When I was in high school, I stumbled across Picket Fences. It became the first adult, contemporary television series to stoke my imagination in the same way that older shows like The Twilight Zone and The Fugitive had already been doing for some time.

Twenty years later, I got the chance to write about the career of David E. Kelley, the creator of Picket Fences, for The A.V. Club. Even though his career has sputtered during the past decade or so, I’m still a big fan of his best work, and I hope I’ve done justice to it.

Name: Cristine Rose.

Usually Plays: Formidable matriarchs, unflappable corporate execs, and other powerful women.

Relatively Insignificant Early Role That I Recall Fondly Due to My David E. Kelley Fetish: As the ex-wife of beleaguered lawman Jimmy Brock (Tom Skerritt) on Picket Fences, still the record-holder for the all-time greatest TV ensemble.

Her Magnum Opus: As the mother of two of the superpowered protagonists (Adrian Pasdar and Milo Ventimiglia) on Heroes.  I suspect that Angela Petrelli was initially an insignificant or short-term part, or else they would have cast a name actress in it.  But Rose, with her clenched jaw and enigmatic glare, turned Angela into one of the show’s most prominent villains, held her own against star-turn baddies Malcolm McDowell and Robert Forster, scored main-title billing, and survived till the very end of the show.  Bravo.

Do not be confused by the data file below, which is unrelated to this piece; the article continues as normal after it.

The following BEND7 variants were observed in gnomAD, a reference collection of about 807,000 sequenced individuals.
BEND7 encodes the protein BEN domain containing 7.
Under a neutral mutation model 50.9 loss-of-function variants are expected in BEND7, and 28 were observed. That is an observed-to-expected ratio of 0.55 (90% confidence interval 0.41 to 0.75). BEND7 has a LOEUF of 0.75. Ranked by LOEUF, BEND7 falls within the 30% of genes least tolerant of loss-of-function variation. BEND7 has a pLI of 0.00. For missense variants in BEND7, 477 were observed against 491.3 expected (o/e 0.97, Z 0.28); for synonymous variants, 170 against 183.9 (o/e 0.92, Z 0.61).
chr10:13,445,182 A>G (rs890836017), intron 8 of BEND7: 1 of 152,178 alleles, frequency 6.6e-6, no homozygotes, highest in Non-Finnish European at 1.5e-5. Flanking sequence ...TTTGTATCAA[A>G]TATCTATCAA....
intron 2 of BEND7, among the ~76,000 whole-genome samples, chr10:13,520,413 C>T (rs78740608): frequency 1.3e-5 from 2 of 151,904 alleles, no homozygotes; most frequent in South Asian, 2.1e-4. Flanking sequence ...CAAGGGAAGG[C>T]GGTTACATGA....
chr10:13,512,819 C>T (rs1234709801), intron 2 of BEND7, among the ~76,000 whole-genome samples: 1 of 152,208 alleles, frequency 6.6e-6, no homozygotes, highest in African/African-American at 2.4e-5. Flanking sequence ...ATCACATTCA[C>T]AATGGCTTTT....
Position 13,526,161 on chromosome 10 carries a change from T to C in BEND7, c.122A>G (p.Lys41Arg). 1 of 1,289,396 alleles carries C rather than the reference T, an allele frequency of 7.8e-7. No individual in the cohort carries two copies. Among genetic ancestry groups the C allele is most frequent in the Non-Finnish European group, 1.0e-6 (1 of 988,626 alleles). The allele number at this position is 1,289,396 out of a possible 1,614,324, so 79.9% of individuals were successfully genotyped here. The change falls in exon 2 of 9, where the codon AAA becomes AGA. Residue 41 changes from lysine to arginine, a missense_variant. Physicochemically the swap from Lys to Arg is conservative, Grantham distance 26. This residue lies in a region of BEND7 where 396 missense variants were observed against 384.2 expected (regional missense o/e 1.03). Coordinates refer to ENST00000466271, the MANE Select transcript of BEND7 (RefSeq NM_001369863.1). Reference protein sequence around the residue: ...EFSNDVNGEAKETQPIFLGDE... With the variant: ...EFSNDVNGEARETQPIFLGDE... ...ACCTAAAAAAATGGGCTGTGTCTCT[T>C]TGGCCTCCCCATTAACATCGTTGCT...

See, I Told You About Picket Fences: Q: “You’ve appeared in many great TV shows.  If you could pick any one to return to, which would it be, and why?”  A: “Angela Petrelli aside, the one that comes immediately to mind is Lydia Brock, on Picket Fences.  When I came out here [to Los Angeles], I had a lot of fun doing sitcoms.  I came out here from New York in 1986, and I did several sitcom pilots, and in the early nineties I really wanted to dso hour-long shows.  I love humor, and theatricality – humor and drama together are the perfect blend.  I think you get to a person’s heart through humor, and then you get into the heart and you wrench it.  It’s a very powerful way to make a point.  And Lydia Brock was one of those people . . . . Kathy Baker and I used to have great scenes together.  Beautifully written.  A beautifully defined character.”  (From a long video interview with Rose here.)

Fanboy Cred: Hey, she was even a Klingon, too!

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